They will be getting all of that. The audience really gets a chance to be a kind of confidant as I’m going through this journey, trying to find myself, what I truly believe and why I’m here.

Rath: You know, I feel like if you’re the one person of color in a room full of white people, it’s like you have a lot of burden, in terms of representation. It’s interesting to hear you talk about that, and then talk about putting this into an actual performance in a very self-conscious way.

Callahan: Yeah, for sure. I mean, in a way, it’s all the same, right? There is a performative aspect of being a representative of your race in spaces. Even though it’s imposed upon you, it’s still a very performative act — feeling like you’re performing all the time is wrapped into that, you know?

I don’t think it’s any wonder why I ended up becoming a performer. It seems natural to me. It seems [to be] how I move through the space and is also the root of the issue, right? If you feel like you’re performing the whole time, then who are you when you’re not performing? Who are you, really? That’s part of the struggle that I had growing up.

Rath: That relates to another artistic practice of yours: MassQing. Can you explain that to people who haven’t seen it?

Callahan. Absolutely. With “masking,” we usually think of things that cover our face and hide our identity. What I do is use paint — I apply pain to the face to reveal things about people, trying to flip the notion of a mask that reveals what’s inside, through color, shape and line. It’s based on indigenous practices and all over the world, especially on the continent of Africa.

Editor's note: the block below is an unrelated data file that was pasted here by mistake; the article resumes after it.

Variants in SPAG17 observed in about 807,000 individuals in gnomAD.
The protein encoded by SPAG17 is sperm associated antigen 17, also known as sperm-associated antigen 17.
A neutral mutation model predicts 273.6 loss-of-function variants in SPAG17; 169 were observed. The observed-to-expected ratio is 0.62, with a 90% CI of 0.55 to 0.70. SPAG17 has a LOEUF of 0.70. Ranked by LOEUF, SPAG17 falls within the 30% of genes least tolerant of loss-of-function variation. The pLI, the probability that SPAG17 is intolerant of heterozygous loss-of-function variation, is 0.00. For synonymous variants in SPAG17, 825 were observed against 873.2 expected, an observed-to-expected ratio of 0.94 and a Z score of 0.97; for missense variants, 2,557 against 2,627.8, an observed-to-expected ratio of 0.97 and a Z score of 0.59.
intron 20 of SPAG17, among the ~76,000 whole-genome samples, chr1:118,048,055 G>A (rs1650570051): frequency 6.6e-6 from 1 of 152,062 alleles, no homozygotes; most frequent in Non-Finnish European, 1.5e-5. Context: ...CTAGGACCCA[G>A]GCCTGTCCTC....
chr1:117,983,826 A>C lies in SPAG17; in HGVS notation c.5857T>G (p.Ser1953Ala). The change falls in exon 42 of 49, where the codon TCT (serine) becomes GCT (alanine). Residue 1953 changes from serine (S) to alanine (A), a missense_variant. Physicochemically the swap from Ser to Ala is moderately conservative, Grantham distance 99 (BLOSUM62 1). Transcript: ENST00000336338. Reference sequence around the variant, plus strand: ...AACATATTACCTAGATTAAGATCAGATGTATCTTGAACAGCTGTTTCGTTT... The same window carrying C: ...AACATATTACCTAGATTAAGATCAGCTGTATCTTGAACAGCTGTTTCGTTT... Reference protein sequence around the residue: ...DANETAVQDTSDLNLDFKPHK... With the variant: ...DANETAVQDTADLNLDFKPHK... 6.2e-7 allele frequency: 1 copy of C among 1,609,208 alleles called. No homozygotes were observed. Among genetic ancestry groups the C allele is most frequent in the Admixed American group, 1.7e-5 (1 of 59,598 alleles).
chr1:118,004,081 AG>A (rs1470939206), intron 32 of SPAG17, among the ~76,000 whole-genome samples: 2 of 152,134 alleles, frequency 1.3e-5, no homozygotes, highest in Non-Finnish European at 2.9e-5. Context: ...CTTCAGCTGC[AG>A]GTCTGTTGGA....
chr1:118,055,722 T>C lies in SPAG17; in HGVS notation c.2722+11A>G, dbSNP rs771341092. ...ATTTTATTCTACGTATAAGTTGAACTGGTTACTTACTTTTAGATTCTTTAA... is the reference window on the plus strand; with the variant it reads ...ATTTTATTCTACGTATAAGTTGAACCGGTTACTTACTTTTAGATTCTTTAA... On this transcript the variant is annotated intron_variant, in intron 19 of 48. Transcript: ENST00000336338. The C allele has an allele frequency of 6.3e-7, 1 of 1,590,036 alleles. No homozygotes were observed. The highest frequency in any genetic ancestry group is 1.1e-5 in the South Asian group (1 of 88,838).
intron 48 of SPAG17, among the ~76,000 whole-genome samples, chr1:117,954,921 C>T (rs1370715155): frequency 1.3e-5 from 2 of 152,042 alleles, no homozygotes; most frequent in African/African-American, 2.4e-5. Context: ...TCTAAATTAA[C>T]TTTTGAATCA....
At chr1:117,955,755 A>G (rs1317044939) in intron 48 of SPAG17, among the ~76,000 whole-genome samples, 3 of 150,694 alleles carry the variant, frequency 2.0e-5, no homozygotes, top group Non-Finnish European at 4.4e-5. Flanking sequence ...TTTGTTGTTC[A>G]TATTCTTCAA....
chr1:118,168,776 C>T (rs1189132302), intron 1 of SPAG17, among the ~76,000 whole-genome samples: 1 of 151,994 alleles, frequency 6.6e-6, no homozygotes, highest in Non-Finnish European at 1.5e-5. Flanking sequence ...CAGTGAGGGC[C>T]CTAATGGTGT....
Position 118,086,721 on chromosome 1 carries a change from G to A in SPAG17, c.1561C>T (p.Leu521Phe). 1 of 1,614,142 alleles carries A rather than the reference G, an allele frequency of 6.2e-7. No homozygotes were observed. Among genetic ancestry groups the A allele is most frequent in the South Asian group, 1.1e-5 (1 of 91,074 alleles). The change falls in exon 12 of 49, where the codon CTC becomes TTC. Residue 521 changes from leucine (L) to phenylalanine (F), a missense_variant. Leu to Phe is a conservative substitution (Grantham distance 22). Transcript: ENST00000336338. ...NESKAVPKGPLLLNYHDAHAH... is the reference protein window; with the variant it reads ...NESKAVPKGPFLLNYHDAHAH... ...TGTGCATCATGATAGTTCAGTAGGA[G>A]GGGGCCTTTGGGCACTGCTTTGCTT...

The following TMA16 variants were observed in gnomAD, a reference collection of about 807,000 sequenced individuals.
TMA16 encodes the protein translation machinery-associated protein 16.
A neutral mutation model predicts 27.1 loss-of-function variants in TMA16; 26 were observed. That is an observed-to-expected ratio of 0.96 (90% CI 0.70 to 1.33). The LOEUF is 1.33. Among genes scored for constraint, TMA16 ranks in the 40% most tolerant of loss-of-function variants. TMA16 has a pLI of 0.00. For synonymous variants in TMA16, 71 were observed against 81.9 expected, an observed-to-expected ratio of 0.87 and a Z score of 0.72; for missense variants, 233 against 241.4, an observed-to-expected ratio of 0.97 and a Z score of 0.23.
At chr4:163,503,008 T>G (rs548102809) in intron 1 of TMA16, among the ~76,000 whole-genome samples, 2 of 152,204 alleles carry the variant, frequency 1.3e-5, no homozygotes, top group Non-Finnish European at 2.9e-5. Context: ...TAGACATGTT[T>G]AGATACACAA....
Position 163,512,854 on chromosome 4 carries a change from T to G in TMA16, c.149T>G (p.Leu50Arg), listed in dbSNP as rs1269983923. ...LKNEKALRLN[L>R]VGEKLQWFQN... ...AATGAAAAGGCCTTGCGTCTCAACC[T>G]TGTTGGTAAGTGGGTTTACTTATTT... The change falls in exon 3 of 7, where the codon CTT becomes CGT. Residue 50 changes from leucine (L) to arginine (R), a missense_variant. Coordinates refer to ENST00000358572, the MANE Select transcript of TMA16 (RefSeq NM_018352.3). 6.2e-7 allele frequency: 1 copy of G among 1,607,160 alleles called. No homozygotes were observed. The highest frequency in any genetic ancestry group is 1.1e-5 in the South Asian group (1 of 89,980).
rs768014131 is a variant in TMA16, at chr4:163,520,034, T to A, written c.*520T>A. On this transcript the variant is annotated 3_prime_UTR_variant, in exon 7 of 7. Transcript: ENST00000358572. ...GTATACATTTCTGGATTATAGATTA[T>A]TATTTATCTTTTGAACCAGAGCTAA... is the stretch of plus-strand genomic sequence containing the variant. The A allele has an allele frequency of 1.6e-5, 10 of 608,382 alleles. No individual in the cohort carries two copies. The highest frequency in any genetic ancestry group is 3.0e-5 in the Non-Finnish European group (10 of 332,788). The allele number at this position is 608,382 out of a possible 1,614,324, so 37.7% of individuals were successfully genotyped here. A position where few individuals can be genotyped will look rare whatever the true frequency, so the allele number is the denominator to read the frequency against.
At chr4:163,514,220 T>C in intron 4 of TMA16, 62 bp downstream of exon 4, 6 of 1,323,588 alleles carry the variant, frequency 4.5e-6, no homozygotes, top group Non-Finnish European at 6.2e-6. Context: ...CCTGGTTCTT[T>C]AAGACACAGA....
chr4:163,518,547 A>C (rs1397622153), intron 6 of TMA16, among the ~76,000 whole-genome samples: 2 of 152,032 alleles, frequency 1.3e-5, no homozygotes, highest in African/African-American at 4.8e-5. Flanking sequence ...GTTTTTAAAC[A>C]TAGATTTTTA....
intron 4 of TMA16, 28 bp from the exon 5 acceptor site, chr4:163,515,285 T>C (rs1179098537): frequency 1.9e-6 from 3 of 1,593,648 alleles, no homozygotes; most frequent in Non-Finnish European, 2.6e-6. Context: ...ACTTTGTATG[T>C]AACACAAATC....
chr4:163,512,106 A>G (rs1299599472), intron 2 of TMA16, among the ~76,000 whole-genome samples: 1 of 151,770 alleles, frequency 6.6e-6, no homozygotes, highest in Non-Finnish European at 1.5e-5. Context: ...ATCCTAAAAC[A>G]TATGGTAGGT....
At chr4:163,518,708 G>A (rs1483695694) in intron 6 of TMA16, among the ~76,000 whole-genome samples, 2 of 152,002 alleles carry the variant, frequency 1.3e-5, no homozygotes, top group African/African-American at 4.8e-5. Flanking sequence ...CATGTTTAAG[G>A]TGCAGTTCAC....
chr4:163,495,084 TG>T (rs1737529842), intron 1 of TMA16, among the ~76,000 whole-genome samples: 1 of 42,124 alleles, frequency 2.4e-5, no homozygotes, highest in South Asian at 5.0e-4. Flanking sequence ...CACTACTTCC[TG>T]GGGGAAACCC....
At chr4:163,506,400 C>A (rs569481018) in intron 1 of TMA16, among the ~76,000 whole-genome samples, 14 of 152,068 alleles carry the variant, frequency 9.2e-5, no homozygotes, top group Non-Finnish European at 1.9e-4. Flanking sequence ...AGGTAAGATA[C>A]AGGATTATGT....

I came about this really through music. I was working with a group in California, and we would hold these masquerade balls where, again, we didn’t want to do the Victorian thing, where people came with masks on. So, we painted them instead.

What was really dope was [that] there’s a whole bunch of different cultures there. We were working with youth at the time, so we had access to a lot of different communities. We were able to bring these people together.

What was really interesting was that we found that each one had its own tradition of body decorating somewhere in their cultural lineage. It really became a way of bringing people together, and folks could celebrate each other’s cultures.

I just started to do this for myself, and I would have it be reflective of where I am. The whole point of a mask is it’s supposed to reveal where you are at that moment. I was in a very low place, and MassQing was a way for me to calm my mind and just focus on expressing myself.